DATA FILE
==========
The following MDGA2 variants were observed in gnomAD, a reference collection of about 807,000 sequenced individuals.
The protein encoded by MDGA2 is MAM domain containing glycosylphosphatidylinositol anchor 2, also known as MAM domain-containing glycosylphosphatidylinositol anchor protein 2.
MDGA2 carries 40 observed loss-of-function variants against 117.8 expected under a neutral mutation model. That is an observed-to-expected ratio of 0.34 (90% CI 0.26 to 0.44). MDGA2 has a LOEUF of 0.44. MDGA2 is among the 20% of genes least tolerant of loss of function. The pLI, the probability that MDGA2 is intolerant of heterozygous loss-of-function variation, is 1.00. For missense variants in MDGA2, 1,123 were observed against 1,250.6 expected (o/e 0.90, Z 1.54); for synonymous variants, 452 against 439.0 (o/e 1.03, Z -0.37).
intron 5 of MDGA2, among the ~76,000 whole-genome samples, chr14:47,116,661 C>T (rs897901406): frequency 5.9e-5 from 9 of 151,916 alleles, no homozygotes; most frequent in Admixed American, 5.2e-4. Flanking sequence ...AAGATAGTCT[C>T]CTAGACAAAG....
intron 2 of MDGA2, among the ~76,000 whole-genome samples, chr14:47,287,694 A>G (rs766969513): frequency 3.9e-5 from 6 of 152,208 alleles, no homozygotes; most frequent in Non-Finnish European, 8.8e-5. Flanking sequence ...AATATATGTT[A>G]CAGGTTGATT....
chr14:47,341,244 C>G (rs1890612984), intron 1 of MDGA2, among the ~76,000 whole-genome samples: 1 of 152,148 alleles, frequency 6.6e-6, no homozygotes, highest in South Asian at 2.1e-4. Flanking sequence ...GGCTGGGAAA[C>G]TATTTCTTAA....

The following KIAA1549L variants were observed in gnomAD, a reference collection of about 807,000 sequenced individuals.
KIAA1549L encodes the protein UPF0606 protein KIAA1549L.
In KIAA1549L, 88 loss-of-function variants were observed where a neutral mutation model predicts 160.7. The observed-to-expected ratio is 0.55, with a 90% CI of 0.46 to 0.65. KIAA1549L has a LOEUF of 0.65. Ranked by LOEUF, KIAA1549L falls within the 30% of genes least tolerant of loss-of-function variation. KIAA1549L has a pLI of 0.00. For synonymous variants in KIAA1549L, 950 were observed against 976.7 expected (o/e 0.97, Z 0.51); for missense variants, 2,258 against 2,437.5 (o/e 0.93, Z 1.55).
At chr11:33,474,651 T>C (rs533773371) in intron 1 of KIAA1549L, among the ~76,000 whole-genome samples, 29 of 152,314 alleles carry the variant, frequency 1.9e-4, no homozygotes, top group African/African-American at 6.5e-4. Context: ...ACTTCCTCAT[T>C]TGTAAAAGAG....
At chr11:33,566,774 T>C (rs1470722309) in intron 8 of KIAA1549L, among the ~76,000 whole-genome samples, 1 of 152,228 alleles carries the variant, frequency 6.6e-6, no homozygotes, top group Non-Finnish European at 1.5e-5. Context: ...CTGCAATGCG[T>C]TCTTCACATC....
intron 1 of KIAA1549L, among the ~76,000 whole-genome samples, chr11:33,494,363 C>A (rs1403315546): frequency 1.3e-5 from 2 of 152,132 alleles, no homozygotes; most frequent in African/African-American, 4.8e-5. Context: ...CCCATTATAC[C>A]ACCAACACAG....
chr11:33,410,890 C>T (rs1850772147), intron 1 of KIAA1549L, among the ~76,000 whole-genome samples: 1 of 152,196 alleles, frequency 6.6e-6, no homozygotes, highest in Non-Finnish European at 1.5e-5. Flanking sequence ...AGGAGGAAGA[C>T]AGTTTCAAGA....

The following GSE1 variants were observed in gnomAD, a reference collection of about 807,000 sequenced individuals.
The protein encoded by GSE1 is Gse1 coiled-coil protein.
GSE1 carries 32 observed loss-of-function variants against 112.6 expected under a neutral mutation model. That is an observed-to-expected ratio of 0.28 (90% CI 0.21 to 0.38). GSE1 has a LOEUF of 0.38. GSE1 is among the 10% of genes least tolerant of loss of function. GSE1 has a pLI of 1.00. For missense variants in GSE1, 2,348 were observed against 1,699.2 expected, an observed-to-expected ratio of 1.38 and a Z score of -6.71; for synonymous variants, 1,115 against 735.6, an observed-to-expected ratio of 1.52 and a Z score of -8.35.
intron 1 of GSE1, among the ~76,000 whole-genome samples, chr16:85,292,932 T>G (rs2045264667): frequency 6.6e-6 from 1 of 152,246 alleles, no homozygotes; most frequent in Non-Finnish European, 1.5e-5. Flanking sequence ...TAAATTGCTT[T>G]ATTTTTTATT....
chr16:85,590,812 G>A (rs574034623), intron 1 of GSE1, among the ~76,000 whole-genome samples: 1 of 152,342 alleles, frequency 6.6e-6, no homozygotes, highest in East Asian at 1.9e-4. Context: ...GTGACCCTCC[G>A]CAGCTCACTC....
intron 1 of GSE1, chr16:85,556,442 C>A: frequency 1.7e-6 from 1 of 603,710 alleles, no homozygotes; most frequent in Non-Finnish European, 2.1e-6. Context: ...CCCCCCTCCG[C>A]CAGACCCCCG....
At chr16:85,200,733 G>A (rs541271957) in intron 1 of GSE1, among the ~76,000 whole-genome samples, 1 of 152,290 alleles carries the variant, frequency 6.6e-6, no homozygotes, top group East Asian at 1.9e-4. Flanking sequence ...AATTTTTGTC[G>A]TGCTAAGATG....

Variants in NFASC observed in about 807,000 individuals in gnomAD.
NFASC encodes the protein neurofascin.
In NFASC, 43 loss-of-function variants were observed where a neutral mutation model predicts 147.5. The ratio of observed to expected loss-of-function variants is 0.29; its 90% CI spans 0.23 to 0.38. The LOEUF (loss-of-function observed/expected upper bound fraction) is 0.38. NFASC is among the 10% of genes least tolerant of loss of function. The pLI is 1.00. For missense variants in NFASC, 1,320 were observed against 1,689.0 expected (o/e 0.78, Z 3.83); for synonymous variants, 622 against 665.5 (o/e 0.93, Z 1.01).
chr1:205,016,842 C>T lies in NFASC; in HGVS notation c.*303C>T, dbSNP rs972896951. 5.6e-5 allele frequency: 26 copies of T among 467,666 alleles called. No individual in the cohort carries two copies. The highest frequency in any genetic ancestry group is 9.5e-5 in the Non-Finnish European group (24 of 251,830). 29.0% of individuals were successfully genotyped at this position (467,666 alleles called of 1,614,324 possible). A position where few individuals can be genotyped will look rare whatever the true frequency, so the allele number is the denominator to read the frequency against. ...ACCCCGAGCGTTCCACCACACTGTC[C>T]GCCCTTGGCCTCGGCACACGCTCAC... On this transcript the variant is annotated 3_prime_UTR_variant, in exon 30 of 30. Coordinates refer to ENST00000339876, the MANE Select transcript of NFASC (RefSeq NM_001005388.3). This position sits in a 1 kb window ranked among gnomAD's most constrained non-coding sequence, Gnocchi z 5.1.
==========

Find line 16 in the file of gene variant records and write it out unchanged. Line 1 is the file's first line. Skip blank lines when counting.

GSE1 carries 32 observed loss-of-function variants against 112.6 expected under a neutral mutation model. That is an observed-to-expected ratio of 0.28 (90% CI 0.21 to 0.38). GSE1 has a LOEUF of 0.38. GSE1 is among the 10% of genes least tolerant of loss of function. GSE1 has a pLI of 1.00. For missense variants in GSE1, 2,348 were observed against 1,699.2 expected, an observed-to-expected ratio of 1.38 and a Z score of -6.71; for synonymous variants, 1,115 against 735.6, an observed-to-expected ratio of 1.52 and a Z score of -8.35.